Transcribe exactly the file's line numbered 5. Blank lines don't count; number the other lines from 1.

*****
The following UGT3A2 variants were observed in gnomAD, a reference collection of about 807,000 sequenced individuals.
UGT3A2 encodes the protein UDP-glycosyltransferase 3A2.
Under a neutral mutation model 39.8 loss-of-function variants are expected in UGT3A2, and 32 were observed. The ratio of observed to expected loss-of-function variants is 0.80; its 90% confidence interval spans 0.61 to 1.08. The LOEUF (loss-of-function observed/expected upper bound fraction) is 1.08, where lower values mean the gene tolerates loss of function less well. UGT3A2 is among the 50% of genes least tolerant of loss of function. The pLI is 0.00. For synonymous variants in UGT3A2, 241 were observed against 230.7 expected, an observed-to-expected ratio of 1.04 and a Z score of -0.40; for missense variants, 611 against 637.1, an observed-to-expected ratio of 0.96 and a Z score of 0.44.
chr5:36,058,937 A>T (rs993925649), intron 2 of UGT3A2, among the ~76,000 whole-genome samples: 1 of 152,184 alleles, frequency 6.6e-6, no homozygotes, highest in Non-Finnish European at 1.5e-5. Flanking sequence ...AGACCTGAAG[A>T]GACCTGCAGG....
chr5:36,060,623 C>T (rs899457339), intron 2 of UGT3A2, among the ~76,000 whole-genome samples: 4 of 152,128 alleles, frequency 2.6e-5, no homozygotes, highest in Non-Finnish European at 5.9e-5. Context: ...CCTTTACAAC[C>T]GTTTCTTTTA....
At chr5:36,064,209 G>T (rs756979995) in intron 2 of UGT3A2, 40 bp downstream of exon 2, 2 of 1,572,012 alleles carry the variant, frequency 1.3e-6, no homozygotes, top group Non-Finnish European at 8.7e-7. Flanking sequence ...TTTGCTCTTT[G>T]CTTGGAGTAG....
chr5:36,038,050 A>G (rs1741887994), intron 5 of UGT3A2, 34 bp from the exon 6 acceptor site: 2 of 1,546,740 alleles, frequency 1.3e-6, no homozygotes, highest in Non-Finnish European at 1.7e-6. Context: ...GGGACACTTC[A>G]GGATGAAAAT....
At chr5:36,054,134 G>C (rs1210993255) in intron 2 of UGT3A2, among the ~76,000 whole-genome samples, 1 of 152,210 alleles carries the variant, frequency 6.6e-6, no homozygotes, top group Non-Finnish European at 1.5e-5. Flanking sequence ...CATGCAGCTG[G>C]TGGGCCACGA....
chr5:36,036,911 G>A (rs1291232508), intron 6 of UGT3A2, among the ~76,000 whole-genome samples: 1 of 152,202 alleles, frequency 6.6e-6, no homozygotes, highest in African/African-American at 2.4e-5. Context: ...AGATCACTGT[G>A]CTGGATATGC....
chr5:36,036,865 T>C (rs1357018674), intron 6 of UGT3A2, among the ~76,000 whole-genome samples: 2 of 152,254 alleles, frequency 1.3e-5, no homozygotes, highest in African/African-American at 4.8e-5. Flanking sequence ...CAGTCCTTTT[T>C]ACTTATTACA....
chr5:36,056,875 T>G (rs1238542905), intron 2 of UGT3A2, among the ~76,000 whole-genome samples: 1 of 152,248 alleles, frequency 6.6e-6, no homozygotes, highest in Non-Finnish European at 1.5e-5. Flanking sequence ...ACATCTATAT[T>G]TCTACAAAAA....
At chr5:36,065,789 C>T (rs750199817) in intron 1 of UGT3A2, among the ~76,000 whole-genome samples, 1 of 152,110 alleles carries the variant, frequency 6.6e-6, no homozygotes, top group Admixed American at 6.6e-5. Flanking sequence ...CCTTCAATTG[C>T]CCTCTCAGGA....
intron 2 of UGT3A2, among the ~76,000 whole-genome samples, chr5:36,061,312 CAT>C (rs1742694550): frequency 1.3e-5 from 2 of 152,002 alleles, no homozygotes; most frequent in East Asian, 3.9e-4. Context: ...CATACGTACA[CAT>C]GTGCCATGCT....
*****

chr5:36,060,623 C>T (rs899457339), intron 2 of UGT3A2, among the ~76,000 whole-genome samples: 4 of 152,128 alleles, frequency 2.6e-5, no homozygotes, highest in Non-Finnish European at 5.9e-5. Context: ...CCTTTACAAC[C>T]GTTTCTTTTA....